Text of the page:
Breathe In, Breathe Out

In Karate, I’ve learned the importance of breathing. Not only how to breathe while practicing basics or kata (and most recently, kumite – but that is a whole other story), but also to stop, re-focus and concentrate on your breath. Breathe in through the nose, and out through the mouth. Slow down and focus.

And that’s what I want to do with this monthly, personal column. Slow down and reflect on where I’ve been, what I am accomplishing as a writer, and where I intend on going in this writer’s journey. Join me on the 22nd of each and every month and I’ll fill you in with what I am writing, how much I am doing and where I’m appearing.

Since this is the first column, there’s a lot to talk about.

First, I am working on writing a story under contract (a pure epic fantasy story), editing a story for a local publication, writing a column for another local publication and outlining a novel I hope to have finished by years end. The novel will be a cross between cyberpunk and Princess Mononoke. Hopefully the thought of that concept makes a few of you excited. Plus, I have another story that is out there right now, and I’ve been waiting to hear from the publisher as to whether it is acceptable or not.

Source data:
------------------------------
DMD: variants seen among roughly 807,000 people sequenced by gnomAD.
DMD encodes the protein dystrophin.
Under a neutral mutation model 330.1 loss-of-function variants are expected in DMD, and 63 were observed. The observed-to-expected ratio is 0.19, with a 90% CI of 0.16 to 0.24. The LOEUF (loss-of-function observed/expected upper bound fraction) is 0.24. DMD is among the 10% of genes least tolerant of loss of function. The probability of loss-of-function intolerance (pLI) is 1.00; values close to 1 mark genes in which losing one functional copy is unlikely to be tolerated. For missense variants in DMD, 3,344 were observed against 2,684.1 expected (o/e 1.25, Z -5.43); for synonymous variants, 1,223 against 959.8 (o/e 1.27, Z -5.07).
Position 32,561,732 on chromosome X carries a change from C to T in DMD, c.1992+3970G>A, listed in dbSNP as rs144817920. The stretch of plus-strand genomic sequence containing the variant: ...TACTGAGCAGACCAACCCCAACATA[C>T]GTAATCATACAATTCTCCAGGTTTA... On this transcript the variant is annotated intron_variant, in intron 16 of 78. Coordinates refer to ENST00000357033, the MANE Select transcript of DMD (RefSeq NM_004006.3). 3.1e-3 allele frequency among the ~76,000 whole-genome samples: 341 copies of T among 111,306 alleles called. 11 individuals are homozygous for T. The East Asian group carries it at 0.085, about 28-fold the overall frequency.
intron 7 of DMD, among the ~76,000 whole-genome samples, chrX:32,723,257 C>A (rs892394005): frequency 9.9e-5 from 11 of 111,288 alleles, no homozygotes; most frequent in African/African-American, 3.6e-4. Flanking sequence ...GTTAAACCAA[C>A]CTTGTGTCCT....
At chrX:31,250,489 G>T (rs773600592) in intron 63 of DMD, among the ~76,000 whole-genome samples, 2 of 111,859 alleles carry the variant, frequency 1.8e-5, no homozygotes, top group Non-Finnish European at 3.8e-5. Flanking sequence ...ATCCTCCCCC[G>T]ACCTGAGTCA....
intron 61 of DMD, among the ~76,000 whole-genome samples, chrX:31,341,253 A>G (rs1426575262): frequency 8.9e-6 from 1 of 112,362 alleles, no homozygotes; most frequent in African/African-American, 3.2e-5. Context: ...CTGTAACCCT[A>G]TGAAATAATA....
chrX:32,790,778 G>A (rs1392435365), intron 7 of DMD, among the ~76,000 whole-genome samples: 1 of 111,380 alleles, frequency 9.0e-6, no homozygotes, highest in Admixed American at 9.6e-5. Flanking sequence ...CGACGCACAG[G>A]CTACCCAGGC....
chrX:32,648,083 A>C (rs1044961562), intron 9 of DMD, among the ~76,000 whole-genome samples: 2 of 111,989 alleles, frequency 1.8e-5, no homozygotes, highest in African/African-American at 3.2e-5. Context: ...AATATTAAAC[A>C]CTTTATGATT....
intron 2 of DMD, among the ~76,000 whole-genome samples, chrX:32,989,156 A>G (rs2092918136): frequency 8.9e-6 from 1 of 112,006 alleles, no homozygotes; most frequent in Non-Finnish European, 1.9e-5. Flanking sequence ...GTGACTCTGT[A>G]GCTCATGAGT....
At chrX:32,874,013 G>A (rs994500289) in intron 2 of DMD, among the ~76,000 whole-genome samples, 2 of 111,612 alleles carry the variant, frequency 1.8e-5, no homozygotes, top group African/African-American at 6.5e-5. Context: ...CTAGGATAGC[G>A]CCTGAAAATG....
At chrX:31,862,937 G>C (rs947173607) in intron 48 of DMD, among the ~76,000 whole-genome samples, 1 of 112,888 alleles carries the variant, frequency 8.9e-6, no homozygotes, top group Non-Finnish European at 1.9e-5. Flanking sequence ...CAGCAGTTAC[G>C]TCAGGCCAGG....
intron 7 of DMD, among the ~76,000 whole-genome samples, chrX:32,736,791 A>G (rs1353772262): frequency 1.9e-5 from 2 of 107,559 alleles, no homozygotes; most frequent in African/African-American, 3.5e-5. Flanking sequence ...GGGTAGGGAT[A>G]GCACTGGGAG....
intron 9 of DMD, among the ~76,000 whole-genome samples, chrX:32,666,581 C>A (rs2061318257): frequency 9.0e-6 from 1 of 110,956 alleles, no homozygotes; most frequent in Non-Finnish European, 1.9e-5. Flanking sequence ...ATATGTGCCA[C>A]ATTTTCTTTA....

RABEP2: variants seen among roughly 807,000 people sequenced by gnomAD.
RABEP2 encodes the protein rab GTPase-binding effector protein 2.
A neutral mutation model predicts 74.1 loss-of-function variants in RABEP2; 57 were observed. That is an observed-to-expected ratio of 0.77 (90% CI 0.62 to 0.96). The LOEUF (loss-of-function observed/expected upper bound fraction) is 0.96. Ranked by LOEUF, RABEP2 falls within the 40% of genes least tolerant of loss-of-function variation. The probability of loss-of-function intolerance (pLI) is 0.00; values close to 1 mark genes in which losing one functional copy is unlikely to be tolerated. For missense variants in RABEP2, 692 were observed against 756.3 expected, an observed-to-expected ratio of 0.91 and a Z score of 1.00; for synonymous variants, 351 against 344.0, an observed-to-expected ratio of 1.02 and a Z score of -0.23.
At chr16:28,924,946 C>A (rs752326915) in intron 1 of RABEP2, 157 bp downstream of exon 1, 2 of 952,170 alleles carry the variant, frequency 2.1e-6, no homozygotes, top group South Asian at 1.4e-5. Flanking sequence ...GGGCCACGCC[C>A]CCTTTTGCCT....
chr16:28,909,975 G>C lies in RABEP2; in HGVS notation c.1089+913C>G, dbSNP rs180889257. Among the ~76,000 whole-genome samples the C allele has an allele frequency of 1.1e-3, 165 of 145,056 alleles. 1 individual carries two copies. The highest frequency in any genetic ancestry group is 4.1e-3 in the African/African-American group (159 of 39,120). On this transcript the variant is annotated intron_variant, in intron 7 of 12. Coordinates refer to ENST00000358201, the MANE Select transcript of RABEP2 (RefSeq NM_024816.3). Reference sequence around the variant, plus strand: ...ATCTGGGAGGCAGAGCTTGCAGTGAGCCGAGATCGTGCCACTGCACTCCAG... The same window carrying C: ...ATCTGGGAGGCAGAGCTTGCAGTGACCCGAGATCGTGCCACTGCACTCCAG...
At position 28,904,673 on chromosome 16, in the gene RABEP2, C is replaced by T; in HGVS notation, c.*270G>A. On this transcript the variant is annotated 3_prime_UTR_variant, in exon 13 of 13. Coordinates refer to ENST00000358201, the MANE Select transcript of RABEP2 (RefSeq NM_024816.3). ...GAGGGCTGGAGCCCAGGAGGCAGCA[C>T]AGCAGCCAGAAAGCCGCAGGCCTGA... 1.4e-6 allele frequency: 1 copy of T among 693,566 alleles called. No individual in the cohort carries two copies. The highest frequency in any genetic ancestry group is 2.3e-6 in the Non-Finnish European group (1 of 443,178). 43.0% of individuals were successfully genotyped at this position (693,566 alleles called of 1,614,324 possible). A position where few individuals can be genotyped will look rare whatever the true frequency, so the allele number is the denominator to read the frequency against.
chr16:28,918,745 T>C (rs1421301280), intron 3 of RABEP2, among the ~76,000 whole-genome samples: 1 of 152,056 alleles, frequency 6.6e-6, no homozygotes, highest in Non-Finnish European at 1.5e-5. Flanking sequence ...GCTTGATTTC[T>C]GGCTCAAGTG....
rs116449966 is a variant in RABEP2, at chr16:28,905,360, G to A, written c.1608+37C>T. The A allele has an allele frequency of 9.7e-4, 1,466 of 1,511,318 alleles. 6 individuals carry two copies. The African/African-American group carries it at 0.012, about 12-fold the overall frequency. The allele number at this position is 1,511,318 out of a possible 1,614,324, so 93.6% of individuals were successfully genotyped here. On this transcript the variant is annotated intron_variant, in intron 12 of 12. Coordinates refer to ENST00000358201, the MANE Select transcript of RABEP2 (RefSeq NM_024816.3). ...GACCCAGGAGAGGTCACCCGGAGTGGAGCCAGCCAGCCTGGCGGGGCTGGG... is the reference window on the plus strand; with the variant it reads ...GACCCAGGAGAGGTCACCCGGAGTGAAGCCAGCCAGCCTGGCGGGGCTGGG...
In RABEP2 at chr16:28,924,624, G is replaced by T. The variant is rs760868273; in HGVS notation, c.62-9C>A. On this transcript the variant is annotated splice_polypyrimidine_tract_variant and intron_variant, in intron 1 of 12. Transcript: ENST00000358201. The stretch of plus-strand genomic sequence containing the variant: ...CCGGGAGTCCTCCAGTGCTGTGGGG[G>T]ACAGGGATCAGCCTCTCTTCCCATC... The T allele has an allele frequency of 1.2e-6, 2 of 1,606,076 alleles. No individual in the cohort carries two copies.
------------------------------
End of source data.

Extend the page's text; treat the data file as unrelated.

I know, I know. Not a lot of substance. I can’t say much until announcements are made, and then I’ll announce them here. But what I am trying to say is…I’ve got a lot on the go. I’m trying to increase my daily word count and get stories done. And that’s hard when you’re juggling a busy family, a nine-to-five job, Karate (also with family), and writing. It’s not easy. And it is also part of why I’m doing this column. Accountability (For instance, this week I’ve written 2500 words – pretty well all on the C-Train). I’m letting you all know what I’m doing and I hate disappointing people. So, if you like my stories, I’ll be putting more out this year and hope to have my third novel written by years end. You’ll know if I succeed just by watching this column.